Valid bid explanations?

I've picked up on a few strange bid explanations in the last few weeks. Would the more experienced TD's/players care to comment if they're acceptable, or insufficient? (Noting that opponents can ask.) To me they feel like half-answers and thus potentially could intimidate weaker players into not asking further.

Assume club bridge, convention cards exist, but used as coffee-mats, laws knowledge is by experience only.

1C: Announce: "Could be as short as 1 card". Does this also need comment on why it's made, e.g. playing 5-card majors? Or should that have been done as the table sits down?
2D: Alert: Explained as "That's out strongest bid" ... and also 2C as "That's out second strongest bid". (Benji)
2D over 2C: Alert: Explained as "Relay". Surely it needs qualifying as to whether it's forced or denying certain stronger hands.

Comments

  • Re 1 Club opening: EBU requirements are to announce it as "could be short" - The assumption being that opponents should know enough about the game to ask.

    Re 2D opening: Almost certainly that is not their strongest bid: Their strongest bid is probably 7NT! (I had to call my partner out on this very thing). They should be saying something like "Game forcing or 23+ points" or something equivalent, or "21-22 points or 8 playing tricks in an unspecified suit with a strong hand"

    Re: 2D over 2C: "Forced response" - assuming it is. If it isn't then whatever the bid means "Denies 10 points or an Ace and a King or a five card suit to two of the three top honours"

    Basically these explanations are slovenly - and, what is worse, opponents may feel hampered in asking for further clarification due to the risk of imparting UI to their partner.

  • @Mark_Brown said:
    2D over 2C: Alert: Explained as "Relay". Surely it needs qualifying as to whether it's forced or denying certain stronger hands.

    onnies
    My understanding of "relay" is that it shows nothing about the hand (i.e. weejonnie's "forced response") and I would rule against anyone calling it a relay if there were alternative calls available.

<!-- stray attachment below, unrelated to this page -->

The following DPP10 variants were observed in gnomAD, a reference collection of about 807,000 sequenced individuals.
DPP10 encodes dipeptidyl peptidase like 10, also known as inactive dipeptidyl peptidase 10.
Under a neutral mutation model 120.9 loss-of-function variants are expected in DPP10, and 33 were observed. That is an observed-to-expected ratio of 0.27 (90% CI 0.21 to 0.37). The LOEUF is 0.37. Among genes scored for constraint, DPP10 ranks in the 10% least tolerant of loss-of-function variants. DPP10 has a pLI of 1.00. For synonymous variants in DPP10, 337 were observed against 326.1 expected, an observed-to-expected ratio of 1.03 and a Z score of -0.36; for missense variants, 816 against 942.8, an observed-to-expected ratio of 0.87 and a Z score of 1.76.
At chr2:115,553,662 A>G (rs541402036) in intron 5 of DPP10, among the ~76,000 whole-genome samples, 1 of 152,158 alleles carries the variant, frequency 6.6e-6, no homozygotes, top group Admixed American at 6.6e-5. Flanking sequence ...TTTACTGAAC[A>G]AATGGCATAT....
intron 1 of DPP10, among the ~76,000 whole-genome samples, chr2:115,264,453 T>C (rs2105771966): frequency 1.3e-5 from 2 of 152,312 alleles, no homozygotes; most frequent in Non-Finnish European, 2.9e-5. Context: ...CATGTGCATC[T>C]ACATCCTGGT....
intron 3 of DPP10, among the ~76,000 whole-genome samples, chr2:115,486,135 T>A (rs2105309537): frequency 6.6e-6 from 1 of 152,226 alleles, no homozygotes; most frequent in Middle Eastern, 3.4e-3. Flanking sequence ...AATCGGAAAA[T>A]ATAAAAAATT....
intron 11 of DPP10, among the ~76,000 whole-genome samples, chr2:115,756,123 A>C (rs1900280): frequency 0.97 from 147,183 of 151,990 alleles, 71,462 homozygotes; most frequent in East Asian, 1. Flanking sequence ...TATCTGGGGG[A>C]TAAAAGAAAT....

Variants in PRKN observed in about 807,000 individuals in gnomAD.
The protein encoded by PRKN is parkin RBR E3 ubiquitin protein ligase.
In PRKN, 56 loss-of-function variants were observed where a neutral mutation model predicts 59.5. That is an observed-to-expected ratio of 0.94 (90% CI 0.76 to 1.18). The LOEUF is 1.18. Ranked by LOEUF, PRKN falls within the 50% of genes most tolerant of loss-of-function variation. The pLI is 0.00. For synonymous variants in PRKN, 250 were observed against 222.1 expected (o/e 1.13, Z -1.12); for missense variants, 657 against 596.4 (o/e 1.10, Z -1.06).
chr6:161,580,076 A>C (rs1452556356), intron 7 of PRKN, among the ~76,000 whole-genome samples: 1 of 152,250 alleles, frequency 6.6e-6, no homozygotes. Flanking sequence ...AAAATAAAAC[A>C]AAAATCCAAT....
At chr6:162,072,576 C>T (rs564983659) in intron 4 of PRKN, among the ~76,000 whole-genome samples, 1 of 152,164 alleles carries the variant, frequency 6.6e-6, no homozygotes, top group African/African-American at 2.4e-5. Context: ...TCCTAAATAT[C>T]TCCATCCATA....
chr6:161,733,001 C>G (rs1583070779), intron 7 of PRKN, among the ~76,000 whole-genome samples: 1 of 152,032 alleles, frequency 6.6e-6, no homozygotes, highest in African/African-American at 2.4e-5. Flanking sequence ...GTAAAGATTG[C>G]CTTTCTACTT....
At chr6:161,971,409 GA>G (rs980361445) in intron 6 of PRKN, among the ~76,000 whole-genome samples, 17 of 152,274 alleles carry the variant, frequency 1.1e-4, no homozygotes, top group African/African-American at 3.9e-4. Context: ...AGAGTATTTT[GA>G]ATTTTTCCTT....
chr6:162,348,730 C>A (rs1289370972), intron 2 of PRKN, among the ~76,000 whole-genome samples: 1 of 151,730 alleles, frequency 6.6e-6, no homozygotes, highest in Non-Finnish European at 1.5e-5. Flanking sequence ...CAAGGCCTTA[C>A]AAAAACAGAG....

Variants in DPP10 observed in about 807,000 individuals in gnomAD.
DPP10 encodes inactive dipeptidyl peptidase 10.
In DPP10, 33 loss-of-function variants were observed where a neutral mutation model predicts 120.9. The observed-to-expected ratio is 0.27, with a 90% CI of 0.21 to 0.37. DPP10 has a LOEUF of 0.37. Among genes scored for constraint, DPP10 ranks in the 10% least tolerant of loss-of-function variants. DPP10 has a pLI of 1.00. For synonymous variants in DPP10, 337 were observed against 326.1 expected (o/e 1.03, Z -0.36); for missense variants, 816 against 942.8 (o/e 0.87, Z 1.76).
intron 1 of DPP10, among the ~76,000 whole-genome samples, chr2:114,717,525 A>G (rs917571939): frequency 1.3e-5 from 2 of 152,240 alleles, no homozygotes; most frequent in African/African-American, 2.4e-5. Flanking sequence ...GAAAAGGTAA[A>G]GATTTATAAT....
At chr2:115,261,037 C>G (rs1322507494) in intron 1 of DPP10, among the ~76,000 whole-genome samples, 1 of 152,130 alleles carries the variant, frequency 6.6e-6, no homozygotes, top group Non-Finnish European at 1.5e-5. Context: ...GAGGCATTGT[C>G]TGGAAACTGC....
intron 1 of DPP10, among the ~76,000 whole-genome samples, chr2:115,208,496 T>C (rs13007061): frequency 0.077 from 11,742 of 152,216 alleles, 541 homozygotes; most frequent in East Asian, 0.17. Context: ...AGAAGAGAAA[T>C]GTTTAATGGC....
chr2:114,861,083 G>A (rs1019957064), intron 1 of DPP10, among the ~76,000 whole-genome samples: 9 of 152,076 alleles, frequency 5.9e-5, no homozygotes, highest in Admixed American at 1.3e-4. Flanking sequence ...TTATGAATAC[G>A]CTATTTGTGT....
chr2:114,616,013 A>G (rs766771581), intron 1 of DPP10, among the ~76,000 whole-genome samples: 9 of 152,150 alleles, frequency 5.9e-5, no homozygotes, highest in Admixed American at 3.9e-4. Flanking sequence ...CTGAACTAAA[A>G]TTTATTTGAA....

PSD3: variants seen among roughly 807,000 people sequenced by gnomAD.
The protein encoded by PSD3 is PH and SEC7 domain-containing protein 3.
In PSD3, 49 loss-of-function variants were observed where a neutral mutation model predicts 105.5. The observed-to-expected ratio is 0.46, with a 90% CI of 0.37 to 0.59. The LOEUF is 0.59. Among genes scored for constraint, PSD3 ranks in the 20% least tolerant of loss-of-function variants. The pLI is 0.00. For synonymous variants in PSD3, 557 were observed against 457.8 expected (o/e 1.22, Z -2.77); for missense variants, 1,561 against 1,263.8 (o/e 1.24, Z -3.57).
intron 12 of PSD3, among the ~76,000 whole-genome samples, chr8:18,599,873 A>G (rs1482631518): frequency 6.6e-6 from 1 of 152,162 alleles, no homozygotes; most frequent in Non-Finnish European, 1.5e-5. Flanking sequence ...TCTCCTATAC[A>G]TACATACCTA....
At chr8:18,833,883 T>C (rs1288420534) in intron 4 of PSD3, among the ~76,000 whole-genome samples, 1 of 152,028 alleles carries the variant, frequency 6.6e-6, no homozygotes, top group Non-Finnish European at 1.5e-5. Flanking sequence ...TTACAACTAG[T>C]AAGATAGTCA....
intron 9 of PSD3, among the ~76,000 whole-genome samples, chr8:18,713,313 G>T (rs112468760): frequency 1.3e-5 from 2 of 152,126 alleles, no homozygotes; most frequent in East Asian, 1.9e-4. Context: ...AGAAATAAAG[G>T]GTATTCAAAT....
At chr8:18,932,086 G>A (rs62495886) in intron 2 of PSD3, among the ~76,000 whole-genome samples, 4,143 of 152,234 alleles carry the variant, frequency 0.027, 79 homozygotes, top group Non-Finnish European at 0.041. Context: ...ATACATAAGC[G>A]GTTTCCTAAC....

Do others have different understandings?

  • @Mark_Brown said:
    1C: Announce: "Could be as short as 1 card". Does this also need comment on why it's made, e.g. playing 5-card majors? Or should that have been done as the table sits down?

    No. That wording is almost exactly what's required by the regulation. It should be enough to prompt further questions if the opponents want to know why it could be so short.

    2D: Alert: Explained as "That's out strongest bid" ... and also 2C as "That's out second strongest bid". (Benji)

    I always say "strong, artificial and forcing". I find it irritating when people describe it as you have reported, but perhaps I shouldn't!

    2D over 2C: Alert: Explained as "Relay". Surely it needs qualifying as to whether it's forced or denying certain stronger hands.

    To me, relay means an artificial bid asking for more information and not giving any meaningful information itself. So I think it's fine to say relay as long as it is not a negative, even if there are some rare hands that would choose not to relay.

  • TagTag
    edited March 8

    I used to have a small bugbear about people not pre-announcing 5-card majors but I've learned to adapt. "Could be short" is fine but I still think it would be nicer to have a heads-up beforehand. Similarly, whenever someone is playing a system other than Acol, I think a pre-announce would be a good thing.

    Assuming I'm not playing Precision, I usually describe an opening 2C as Acol-2C, strong and game forcing or 23+ semi-balanced.

    The 2D over an Acol-2C gets described simply as "asking for more information". With one partner, I play 2H as a bust but I don't bother to mention that we have the 2H bid option when partner bids 2D. Maybe I should mention that we have alternative bids available to describe certain types of hands, should partner both remember and care to use them. As it is, partner has simply asked me to describe my hand further.

  • @Tag said:
    I used to have a small bugbear about people not pre-announcing 5-card majors

    Why? We have no pre-announcement process in the EBU, and in what way would anyone need to discuss
    special understandings when playing against five-card majors?

  • TagTag
    edited March 8

    Simply because they knew something about partner's hand that we didn't, which could become relevant in the card-play or even when making a decision in the bidding. As I said, I got over it.

    I played a strong club, five-card majors system with one partner and viewed it as courtesy to let opponents know. These days, I ask before we start playing or take a look at their card, if they have one.

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